A proposal is being made in a spirit close to what I take to be that of Wittgenstein's
insistence in the Tractatus that object and proposition are formal concepts. The proposal
is simply that any predicate that exhibits certain very general features qualifies, just
on that account, as a truth predicate. This is quite consistent with acknowledging that
there may, perhaps must be more to say about the content of any predicate that does have
these features. But it is also consistent with acknowledging that there is a prospect of
pluralism - that the more there is to say may well vary from discourse to discourse - and
that whatever may remain to be said, it will not concern any essential features of truth.
Fictionalism, Quasi-Realism and the Question of Right
Michael Hicks, Johns Hopkins University
A well-known trouble in ontological debates, e.g., about abstracta, is tracking down just
what is at stake in the debate. Simon Blackburn has claimed that such debates are best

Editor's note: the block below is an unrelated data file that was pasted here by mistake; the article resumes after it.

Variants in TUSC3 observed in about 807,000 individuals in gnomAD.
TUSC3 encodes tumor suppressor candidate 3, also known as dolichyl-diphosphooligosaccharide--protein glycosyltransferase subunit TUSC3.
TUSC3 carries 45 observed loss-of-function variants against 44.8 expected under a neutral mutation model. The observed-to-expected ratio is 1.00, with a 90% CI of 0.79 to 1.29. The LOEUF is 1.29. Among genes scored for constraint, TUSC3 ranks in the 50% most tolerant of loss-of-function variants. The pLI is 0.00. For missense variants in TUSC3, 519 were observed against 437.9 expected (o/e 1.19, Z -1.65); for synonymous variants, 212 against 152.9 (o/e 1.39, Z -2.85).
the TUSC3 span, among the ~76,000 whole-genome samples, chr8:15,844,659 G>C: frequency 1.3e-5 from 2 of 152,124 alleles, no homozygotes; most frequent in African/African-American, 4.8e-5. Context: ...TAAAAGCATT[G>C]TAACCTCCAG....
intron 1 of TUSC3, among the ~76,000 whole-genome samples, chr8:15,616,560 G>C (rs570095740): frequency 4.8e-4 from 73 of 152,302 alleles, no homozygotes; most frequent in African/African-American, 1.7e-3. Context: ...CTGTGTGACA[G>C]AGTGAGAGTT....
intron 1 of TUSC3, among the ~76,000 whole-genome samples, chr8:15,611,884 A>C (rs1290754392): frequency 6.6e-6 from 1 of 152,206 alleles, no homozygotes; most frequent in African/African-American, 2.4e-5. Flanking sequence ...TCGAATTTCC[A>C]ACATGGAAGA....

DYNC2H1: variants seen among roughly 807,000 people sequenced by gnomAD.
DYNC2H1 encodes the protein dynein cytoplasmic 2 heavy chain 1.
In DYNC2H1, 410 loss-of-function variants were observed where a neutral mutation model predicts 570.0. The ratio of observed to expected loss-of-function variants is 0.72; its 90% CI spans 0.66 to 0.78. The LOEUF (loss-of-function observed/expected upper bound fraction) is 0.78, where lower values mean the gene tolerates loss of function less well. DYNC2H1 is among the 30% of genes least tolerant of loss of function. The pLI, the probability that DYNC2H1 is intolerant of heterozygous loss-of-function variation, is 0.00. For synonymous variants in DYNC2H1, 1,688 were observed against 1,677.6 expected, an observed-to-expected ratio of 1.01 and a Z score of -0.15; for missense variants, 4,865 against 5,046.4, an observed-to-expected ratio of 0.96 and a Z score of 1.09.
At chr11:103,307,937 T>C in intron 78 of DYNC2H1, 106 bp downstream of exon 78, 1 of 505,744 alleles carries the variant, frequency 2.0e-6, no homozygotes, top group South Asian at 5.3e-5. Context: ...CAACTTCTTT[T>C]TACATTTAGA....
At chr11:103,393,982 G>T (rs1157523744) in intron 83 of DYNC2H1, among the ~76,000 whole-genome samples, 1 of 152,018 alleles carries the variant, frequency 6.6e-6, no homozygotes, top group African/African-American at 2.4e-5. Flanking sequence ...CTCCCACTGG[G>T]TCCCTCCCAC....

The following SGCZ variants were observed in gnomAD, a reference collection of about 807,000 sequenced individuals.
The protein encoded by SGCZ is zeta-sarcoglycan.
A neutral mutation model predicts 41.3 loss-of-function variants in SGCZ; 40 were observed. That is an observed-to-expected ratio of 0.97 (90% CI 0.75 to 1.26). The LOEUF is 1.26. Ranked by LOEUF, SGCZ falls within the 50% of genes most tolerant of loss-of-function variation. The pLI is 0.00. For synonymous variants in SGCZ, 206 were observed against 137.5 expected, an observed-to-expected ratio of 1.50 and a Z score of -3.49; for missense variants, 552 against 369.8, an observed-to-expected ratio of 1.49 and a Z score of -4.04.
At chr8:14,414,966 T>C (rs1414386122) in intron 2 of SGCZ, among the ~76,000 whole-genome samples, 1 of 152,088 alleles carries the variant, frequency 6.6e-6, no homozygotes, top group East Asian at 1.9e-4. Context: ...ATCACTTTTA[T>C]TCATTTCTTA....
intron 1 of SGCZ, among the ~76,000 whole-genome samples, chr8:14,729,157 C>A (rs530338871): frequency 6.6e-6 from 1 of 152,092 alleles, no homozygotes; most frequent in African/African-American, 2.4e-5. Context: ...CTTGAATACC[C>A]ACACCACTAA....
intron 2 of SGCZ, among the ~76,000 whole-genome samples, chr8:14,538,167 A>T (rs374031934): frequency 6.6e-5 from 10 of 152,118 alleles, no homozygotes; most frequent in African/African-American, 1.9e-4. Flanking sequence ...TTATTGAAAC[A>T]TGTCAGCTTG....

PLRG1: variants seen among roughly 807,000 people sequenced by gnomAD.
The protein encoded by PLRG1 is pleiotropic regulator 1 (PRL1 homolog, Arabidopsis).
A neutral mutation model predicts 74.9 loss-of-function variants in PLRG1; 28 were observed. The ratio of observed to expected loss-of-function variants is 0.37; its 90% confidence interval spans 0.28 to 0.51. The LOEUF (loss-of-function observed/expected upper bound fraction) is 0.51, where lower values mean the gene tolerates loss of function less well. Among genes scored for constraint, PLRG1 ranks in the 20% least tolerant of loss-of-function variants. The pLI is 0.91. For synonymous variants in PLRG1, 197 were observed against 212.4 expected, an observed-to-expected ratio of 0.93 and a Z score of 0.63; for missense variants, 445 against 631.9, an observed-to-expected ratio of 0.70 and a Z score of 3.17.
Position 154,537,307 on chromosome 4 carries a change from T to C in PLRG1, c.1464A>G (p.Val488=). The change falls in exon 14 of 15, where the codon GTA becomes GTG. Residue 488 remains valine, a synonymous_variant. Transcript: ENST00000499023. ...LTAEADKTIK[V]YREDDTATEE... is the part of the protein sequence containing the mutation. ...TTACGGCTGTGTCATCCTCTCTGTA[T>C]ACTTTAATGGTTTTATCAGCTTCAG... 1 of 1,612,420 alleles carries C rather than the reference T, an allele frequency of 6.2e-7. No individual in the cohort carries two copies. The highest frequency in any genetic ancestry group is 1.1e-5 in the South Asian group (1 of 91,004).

interpreted as concerned with the right to employ the vocabulary in question.
I argue that ?ctionalism about abstracta is a well-motivated anti-realist response to
Blackburns question of right, but one that ultimately fails, in a suggestive way.
The ?ctionalist herself ends up a subtle realist.
Quasi-Realism and Ethical Appearances
Edward Harcourt, Department of Philosophy, School of European Culture and Languages,
University of Kent at Canterbury
The paper develops an attack on quasi-realism in ethics, according to which expressivism
about ethical discourseunderstood as the thesis that the states that discourse
expresses are non-representationalis consistent with some of the discourse's
familiar surface features, thus saving the ethical appearances. A dilemma is
posed for the quasi-realist. Either ethical discourse appears, thanks to those surface